Former National Security Advisor, H.R. McMaster, Lt. General, U.S. Army, retired, will speak to the Cornell community about foreign policy, national security and America’s standing in the world. The virtual event will be held on Dec. 8 at 6 p.m. Registration is required.
Professor Emerita of English Alison Lurie, the award-winning and critically acclaimed writer who set some of her fiction on a campus with a striking similarity to Cornell’s, died Dec. 3 in Ithaca. She was 94.
The Jewish People’s Fraternal Order (JPFO) was founded in 1930 and flourished for two decades as the Jewish division of the multi-ethnic International Workers Order (IWO) before being shut down during the Cold War.
In the wake of last summer’s protests against racism and police violence, this year’s Lund Critical Debate, “The Police and the Public: Global Perspectives,” will explore the contested ground between social justice and security, and weigh strategies for conflict resolution – both inside and outside the policing framework.
Lawmakers in Israel passed a preliminary measure on Wednesday to dissolve the coalition government, headed by Benjamin Netanyahu. If negotiations between parties does not stall the dissolution, it would result in a fourth election in just two years.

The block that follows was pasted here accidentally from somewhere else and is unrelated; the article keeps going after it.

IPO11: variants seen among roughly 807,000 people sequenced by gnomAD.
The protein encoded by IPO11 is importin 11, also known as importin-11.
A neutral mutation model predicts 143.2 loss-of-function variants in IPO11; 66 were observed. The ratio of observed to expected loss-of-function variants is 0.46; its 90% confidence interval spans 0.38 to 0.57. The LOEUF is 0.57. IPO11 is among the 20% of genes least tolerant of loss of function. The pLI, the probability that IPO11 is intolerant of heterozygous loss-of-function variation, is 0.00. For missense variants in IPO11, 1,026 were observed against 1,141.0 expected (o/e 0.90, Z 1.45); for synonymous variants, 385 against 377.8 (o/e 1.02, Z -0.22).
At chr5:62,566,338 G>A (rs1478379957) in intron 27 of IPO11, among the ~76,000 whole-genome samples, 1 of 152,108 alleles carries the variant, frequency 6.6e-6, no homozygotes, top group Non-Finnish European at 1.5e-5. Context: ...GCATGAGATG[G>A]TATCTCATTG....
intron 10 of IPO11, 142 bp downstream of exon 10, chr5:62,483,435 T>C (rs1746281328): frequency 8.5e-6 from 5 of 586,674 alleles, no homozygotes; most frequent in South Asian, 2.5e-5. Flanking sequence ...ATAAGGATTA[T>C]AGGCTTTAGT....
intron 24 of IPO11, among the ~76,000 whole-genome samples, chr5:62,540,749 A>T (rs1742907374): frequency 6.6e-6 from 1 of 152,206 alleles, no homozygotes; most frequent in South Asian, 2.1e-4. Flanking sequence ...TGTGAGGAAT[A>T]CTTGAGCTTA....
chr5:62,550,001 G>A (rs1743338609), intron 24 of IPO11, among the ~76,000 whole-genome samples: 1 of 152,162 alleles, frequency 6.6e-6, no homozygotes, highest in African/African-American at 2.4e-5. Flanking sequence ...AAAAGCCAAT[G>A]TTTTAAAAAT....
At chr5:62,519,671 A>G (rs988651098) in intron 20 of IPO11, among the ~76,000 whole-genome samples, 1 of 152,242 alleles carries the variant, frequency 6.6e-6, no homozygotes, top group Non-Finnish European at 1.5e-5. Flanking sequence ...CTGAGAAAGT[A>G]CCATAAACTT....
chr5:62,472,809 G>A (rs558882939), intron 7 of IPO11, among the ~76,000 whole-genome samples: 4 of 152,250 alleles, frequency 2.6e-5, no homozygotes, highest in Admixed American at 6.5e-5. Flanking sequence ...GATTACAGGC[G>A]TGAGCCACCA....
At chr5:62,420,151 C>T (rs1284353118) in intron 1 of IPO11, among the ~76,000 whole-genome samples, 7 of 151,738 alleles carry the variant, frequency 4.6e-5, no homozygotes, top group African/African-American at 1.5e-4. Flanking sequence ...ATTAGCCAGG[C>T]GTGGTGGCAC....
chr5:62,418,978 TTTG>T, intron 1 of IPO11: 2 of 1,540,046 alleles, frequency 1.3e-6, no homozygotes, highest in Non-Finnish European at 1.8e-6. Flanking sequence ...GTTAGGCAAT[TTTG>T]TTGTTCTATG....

Richard “Dick” Polenberg, the Marie Underhill Noll Professor of History Emeritus, died Nov. 26 in Ithaca. He was 83.
Polenberg, a foremost scholar of American history, taught at Cornell from 1966 through his retirement in 2012. He served as department chair from 1977-80, taught memorable large lecture courses (including his popular class on modern U.S. history, which reliably filled Bailey Hall), and trained and mentored countless graduate students over the decades.
The Mini Locally Grown Dance (MLGD) will showcase student and faculty dance performances from the Department of Performing and Media Arts (PMA), December 3–5 at 7:30 p.m. online. The events are free and open to the public but ticket reservations are required.
Undergraduates in the new Humanities Scholars Program in the College of Arts & Sciences heard from top Cornell leaders this semester about their college experiences and the impact of humanities education on their career paths.
The final weeks of the semester will be enlivened by a virtual “Writers & Poets” reading series featuring faculty in the Creative Writing Program in the College of Arts and Sciences (A&S) reading their own works.
Beginning Nov. 30, a video of a professor reading from their own work will be released every other weekday, through Dec. 23.
Civil rights legislation and Supreme Court rulings have undone a history of legal racial segregation in America, but schools and neighborhoods remain largely segregated, four Cornell faculty members said during the Nov. 19 webinar, “Racism in America: Education and Housing.”